• Meanwhile, at Chicken Spaghetti, Susan shares 50 Easy Readers with a "Wow!" Factor: Exciting Nonfiction for 1st and 2nd Graders. Susan says: "Many six and seven year olds want their nonfiction and they want it exciting. Shipwrecks! Escapes! Dinosaurs! Exclamation points! Here is a thriller of a list that caters to that very crowd. It comes from Candace Herbst at the Westport (CT) Public Library; she runs the Book Voyages club for first and second graders. I've added bookstore links (Powell's, Barnes & Noble) so that you can see the books. Plenty of older children will like these titles, too."
  • I have to admit that I don't usually read anything from the back of book covers because I like to face each book with as few preconceived expectations as possible. However, I am embarrassed to have missed the fact that the ARC of Susan Beth Pfeffer's the dead & the gone (which I own and have read) featured a blurb from Bookshelves of Doom about Pfeffer's first book, Life As We Knew It. Way to go, Leila! It is so wonderful to see Harcourt paying attention to blogger feedback, and to see Leila, whose reviews I always enjoy, get noticed. Thanks for Fuse #8 for the head's up. I'm glad that I learned about this now, because a certain niece of mine is visiting soon, and I may have to relinquish my advance copy of d&g.
  • Incidentally, if you enjoyed LAWKI and/or d&g, you really must read Susan Beth Pfeffer's blog. The blog is wry, entertaining, and gives a writer's eye view of the entire writing and publishing process. Not to mention fun sketches.
  • And speaking of members of the Kidlitosphere getting more broad attention, our own MotherReader is now blogging part-time at, "a unique website where kids, parents, teachers, librarians and authors can read, create and buy quality children’s picture books." I am thrilled to MotherReader's entertaining and insightful posts getting out there for a broader pool of readers.
  • In case anyone is wondering why young adult authors sometimes choose to write about edgy or depressing subjects, check out this post by Jay Asher, author of 13 Reasons Why. Jay shares, with permission, two messages that he received from teens in response to his book (about a teen who commits suicide). I don't think there's any question that by writing 13 Reasons Why, Jay has changed people's lives in a meaningful and positive way. What an amazing thing!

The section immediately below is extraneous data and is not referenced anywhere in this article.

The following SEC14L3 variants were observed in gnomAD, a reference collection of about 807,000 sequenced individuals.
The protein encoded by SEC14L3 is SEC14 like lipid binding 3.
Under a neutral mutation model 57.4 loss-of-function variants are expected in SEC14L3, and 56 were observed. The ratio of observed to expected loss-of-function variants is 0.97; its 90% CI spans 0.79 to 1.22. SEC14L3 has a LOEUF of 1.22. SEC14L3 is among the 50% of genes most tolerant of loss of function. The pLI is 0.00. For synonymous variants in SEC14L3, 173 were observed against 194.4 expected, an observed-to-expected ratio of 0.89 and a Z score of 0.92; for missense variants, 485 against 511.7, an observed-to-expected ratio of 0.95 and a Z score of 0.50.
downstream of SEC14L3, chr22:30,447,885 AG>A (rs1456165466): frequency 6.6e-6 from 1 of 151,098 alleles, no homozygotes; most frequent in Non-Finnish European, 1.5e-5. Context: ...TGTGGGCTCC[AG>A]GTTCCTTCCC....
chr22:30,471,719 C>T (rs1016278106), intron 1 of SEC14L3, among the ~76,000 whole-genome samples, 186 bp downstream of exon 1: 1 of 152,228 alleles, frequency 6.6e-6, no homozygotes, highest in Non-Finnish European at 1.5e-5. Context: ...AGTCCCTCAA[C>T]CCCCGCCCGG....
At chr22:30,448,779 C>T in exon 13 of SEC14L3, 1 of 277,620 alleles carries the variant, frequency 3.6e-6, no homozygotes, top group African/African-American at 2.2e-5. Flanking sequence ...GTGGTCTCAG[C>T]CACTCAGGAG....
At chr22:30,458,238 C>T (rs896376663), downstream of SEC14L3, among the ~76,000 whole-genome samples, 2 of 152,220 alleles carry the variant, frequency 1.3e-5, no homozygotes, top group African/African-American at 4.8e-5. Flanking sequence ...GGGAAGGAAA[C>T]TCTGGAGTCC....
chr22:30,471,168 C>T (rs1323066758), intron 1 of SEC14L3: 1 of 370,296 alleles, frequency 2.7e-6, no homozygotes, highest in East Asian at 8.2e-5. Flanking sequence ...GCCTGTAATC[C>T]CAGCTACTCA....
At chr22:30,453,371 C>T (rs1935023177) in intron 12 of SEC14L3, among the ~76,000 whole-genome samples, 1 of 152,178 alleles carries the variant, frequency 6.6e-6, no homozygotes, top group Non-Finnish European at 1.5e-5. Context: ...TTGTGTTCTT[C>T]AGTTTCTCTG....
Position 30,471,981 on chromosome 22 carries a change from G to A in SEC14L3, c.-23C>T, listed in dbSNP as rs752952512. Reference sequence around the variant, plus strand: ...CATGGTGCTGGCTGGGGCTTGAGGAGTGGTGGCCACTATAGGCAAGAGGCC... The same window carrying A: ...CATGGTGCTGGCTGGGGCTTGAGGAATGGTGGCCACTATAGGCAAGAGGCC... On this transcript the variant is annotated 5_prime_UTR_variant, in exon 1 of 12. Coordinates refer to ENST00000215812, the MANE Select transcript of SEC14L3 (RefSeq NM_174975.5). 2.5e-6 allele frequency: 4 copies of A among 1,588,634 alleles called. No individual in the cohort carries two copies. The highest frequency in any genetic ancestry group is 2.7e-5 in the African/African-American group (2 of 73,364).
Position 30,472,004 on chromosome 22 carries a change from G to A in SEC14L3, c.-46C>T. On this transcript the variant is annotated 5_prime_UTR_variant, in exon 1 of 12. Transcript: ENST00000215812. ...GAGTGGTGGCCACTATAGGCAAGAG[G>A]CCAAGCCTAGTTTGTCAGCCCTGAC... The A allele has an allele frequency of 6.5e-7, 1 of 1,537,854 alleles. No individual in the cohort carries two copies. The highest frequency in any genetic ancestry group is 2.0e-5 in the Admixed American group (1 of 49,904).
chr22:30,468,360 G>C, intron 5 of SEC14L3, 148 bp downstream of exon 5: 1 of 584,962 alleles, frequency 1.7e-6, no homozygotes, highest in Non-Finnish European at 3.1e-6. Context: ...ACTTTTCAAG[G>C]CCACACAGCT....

• Darla from Books & Other Thoughts pointed me to a great little article about the scientific benefits of being a bookworm. The RealAge tip of the day the other day was "Pick Up a Book, Bulk Up Your Brain". The article, though short, includes things like this: "Being a bookworm doesn’t just make you smart. It makes you mentally tough. It builds so much cognitive reserve that bookworms’ brains may be bolstered against bad things like pollution and toxins." How cool is that?
  • Via Wizards Wireless, Harry Potter and the Deathly Hallows will be split into two parts for the movie, filmed at the same time, but aired six months apart. I say, if it lets the producers get more detail from the books up on the screen, more power to them. 
  • Via Open Wide, Look Inside, tomorrow is Pi Day. Yes, that's the correct spelling. It's a day in honor of the number Pi. I always liked Pi, so I'm happy to see it getting some attention.

And now, I really must get back to packing. Happy reading!